In our article entitled “What is Underinsured Motorist (UIM) Coverage?” we explained what underinsured motorist (UIM) coverage is, and how it is different than uninsured motorist (UM) coverage. In this article, we discuss exactly how long you have to file an underinsured motorist claim with your insurance company from the time of the collision, and explain the recent legal cases that can help you recover from your insurance carrier.
First, it is helpful to understand exactly what UIM coverage is, and how it is different than UM coverage. If you haven’t read our articles on these subjects, here is a quick explanation of UIM coverage.
Whereas the uninsured motorist coverage portion of your auto insurance policy is used when the driver who caused the accident did not have insurance (or fled the scene of the accident before they could be identified), underinsured motorist coverage is used when the driver that caused the collision does have insurance, but the amount of coverage available under their auto liability policy is less than the amount of the losses that you have suffered as a result of the collision. In that case, you will want to make a claim with your insurance company to cover the difference between the total of your damages and the amount the at-fault party’s insurance will pay.
For example: If you are involved in a collision, and the driver that hit you has an auto liability policy that pays up to $25,000 per person, and your damages are $100,000, you would collect the $25,000 from the at-fault driver and collect the remaining balance from the UIM coverage under your policy. However, your UIM coverage amount must be over the $25,000 paid by the at fault driver’s insurance.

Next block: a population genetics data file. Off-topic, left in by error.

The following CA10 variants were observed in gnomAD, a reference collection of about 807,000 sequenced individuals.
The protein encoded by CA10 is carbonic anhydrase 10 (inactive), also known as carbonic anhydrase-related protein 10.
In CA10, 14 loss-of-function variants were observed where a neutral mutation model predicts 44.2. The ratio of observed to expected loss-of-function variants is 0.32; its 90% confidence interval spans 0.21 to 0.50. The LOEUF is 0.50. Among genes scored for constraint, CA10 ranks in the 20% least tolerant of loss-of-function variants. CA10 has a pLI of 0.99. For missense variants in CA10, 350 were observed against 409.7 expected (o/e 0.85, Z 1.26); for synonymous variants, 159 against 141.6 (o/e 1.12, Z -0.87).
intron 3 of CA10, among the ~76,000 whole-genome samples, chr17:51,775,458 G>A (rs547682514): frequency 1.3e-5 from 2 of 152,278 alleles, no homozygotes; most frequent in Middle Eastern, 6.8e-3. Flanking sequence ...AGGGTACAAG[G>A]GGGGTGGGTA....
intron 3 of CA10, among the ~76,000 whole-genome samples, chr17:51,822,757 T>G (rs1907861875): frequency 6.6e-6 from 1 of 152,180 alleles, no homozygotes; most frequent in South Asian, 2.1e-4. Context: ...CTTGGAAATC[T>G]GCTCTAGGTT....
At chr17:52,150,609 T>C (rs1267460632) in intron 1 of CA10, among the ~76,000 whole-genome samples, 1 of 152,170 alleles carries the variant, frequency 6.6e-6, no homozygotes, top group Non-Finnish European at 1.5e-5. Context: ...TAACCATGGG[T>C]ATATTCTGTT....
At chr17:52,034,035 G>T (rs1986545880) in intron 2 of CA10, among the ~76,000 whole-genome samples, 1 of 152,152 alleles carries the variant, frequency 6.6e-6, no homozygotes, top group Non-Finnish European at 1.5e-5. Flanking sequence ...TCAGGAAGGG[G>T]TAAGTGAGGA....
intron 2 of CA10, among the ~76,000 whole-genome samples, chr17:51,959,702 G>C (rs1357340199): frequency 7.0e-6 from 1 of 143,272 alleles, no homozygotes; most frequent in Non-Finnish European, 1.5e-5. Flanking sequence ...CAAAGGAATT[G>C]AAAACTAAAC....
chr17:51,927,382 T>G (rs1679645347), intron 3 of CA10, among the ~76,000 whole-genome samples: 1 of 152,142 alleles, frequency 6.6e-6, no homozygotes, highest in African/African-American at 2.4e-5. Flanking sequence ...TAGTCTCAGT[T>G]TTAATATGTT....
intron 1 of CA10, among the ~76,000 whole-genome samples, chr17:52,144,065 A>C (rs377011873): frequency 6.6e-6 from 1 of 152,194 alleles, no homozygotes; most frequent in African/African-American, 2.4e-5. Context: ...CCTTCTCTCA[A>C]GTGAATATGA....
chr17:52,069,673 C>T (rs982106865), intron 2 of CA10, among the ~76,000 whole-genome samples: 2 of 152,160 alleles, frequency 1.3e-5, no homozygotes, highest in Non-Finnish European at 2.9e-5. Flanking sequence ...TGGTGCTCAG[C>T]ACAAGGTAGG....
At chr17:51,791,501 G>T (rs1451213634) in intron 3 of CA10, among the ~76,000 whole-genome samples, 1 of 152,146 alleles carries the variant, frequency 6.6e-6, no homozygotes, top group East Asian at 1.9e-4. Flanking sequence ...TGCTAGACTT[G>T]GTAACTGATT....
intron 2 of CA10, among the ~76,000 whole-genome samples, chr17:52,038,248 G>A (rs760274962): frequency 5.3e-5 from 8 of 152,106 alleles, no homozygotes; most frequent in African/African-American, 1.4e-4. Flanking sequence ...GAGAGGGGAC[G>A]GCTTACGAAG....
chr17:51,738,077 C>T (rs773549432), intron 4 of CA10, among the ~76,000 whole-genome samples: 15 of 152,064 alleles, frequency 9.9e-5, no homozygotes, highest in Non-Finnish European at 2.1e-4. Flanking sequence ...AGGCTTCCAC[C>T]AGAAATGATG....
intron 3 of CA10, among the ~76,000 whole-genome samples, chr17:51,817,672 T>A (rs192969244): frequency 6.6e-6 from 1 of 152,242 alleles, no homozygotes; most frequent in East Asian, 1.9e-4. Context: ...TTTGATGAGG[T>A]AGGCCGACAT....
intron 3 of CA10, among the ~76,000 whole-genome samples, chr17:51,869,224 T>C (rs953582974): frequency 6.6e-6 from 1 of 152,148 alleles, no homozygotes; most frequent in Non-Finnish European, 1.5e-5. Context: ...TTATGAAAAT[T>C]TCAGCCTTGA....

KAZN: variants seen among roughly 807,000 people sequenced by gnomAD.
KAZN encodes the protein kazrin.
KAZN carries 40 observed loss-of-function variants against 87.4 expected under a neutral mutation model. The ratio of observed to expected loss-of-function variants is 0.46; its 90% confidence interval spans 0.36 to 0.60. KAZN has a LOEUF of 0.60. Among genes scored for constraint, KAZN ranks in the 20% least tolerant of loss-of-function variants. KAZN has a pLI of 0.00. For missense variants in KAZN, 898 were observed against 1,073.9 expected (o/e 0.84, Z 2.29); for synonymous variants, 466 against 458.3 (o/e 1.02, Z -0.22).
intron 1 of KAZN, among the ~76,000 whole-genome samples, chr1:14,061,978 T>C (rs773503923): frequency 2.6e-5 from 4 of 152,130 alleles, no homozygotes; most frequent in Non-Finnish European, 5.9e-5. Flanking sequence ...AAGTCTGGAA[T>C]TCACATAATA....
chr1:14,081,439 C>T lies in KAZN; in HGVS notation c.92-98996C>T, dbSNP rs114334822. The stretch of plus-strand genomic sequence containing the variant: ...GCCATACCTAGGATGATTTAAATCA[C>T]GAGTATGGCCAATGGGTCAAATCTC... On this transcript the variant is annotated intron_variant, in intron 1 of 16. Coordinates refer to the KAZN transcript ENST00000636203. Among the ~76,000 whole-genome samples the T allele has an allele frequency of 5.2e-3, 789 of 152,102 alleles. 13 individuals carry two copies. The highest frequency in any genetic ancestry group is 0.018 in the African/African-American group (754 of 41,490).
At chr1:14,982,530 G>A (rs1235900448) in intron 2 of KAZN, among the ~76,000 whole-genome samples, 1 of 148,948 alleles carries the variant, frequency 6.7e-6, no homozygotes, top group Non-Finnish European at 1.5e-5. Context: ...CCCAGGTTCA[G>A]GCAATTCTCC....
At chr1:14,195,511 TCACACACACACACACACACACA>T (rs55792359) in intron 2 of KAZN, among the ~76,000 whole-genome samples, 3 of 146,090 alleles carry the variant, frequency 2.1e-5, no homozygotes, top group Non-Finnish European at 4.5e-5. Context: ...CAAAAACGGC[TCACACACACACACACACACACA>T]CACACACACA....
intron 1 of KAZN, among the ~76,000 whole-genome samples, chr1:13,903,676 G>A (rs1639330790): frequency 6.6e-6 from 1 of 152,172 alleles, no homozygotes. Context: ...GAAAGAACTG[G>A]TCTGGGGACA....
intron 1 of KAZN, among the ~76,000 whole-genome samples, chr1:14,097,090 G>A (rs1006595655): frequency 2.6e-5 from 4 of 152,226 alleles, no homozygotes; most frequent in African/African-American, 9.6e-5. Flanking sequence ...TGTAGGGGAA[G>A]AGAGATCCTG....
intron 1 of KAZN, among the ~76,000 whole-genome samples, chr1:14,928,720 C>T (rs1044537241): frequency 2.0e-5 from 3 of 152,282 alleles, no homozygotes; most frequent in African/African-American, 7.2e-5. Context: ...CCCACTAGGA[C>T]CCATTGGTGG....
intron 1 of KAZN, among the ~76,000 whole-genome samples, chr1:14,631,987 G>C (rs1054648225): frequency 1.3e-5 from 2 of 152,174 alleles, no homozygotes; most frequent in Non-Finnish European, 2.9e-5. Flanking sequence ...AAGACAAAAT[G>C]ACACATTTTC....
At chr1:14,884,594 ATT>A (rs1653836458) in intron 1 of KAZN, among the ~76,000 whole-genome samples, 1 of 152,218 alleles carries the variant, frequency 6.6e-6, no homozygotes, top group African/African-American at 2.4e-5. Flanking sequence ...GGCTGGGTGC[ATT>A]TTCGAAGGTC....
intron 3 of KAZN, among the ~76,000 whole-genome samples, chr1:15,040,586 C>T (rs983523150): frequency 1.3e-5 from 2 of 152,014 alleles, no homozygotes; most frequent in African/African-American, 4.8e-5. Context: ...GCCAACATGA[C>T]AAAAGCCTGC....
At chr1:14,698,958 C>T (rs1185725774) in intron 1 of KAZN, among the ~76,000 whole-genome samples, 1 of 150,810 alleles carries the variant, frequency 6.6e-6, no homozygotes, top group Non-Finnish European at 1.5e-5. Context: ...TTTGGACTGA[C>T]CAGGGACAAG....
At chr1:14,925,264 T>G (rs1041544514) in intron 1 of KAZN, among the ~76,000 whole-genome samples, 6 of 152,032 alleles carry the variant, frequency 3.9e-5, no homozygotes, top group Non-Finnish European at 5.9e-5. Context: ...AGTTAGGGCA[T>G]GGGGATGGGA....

So the question presented here is “how long do I have to file a UIM claim against my insurance carrier from the time of the collision?”
Traditionally, the statute of limitations (the amount of time you have to file a lawsuit) in California stemming from a car accident is two (2) years. However, some auto insurance policies allow for more time to make a UIM claim with your carrier, often it is three (3) years. You must look to the actual policy contract with your insurance company in order to determine what this time is.
Recently, however, the Indiana Supreme Court made a decision that is very favorable to those looking to file a UIM claim after the period stated in the contract has expired. In State Farm Mut. Ins. Co. v. Jakubowicz, the plaintiff was injured in a car accident by a negligent driver. The plaintiffs, the Jakubowiczs, made a motion with the court to join their insurance company, State Farm, as a defendant, based on State Farm’s refusal to pay out on the UIM claim. Defendant State Farm asserted that the 3 year period from the time of the accident had expired, and, according to their contract, they were not required to pay the difference between the Jakubowicz’ injuries and the amount covered by the negligent driver’s insurance policy.
The Supreme Court disagreed with State Farm’s position. State Farm’s contract stated that they were only required to pay out on the UIM coverage once the defendant’s (the negligent driver’s) insurance coverage was exhausted, and therefore this court held that the 3 year time limit was in direct conflict with this provision. Essentially, since it can (and in this case, did) take longer than the 3 year time limit in order to find out what the defendant’s insurance would pay, and to have that amount paid in full, the 3 year time limit was unfair. Accordingly, the Indiana Supreme Court held that such limiting provisions are invalid.
So, to answer the question that is the topic of this blog, the amount of time you will have to file a UIM claim against your insurance company will still depend on the language of your contract- but, such time will not begin to run from the time the accident occurs. Rather, the time will begin to run from the time that the defendant’s insurance is paid in full.
Please keep in mind that it is important to look at the exact language in the provisions of your policy contract with your insurance carrier. And as always, it is important to have an experienced attorney on your side to help interpret the terms of your insurance agreement, and to fight for your interests.
For over 30 years, the Law Offices of Vann H. Slatter have helped injured drivers in Los Angeles County and the surrounding areas get the compensation they deserve. If you or someone you know has been injured as the result of another’s actions, please call us today for your free consultation at (310) 444-3010 or toll-free at (888) 293-0404.